President Obama defended public broadcasting from cuts on Friday, emphasizing that defunding networks like NPR and PBS would do little to rein in spending.
As Republicans in Congress hope to defund government assistance to the Corporation for Public Broadcasting, which in turn supports NPR and PBS stations, Obama said the cuts make little sense.
"I think it's going to be important for us to have a conversation after we get the short-term budget done, about how do we really tackle the problem in a comprehensive way," Obama said at a press conference on Friday.
"And that means not just going after Head Start or Corporation for Public Broadcasting. That's not where the money is," he added.
Republicans included in their continuing resolution to fund government the rest of this year provisions that would severely cut support for public broadcasting. Calls to defund those networks have only intensified after a conservative activist's video emerged this week showing a former NPR executive referring to the Tea Party movement in harsh terms.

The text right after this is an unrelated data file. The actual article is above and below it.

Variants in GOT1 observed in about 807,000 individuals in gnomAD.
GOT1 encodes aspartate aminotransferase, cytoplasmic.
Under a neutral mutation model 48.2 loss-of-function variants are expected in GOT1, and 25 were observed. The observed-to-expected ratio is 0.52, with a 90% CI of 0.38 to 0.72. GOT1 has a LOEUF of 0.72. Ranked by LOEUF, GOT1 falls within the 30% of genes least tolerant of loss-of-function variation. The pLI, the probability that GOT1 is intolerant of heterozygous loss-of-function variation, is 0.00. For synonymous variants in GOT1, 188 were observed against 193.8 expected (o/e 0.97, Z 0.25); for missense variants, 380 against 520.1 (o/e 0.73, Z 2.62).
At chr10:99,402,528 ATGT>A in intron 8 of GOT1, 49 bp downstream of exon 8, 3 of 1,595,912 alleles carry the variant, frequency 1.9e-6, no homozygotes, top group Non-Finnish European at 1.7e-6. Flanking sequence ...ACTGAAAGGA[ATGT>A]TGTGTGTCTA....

Democrats, in turn, have accused Republicans of trying to defund "Sesame Street," the popular children's program on PBS.
Obama, commenting earlier in his press conference on the spending fight in Congress, urged lawmakers to steer clear of including political statements — like defunding CPB — as part of their measure to fund government the rest of this fiscal year.
"These aren't really budget items; these are political statements," Obama said. "I've said, again, directly to Speaker Boehner that we're happy to discuss any of these riders, but my general view is let's not try to sneak political agendas into a budget debate."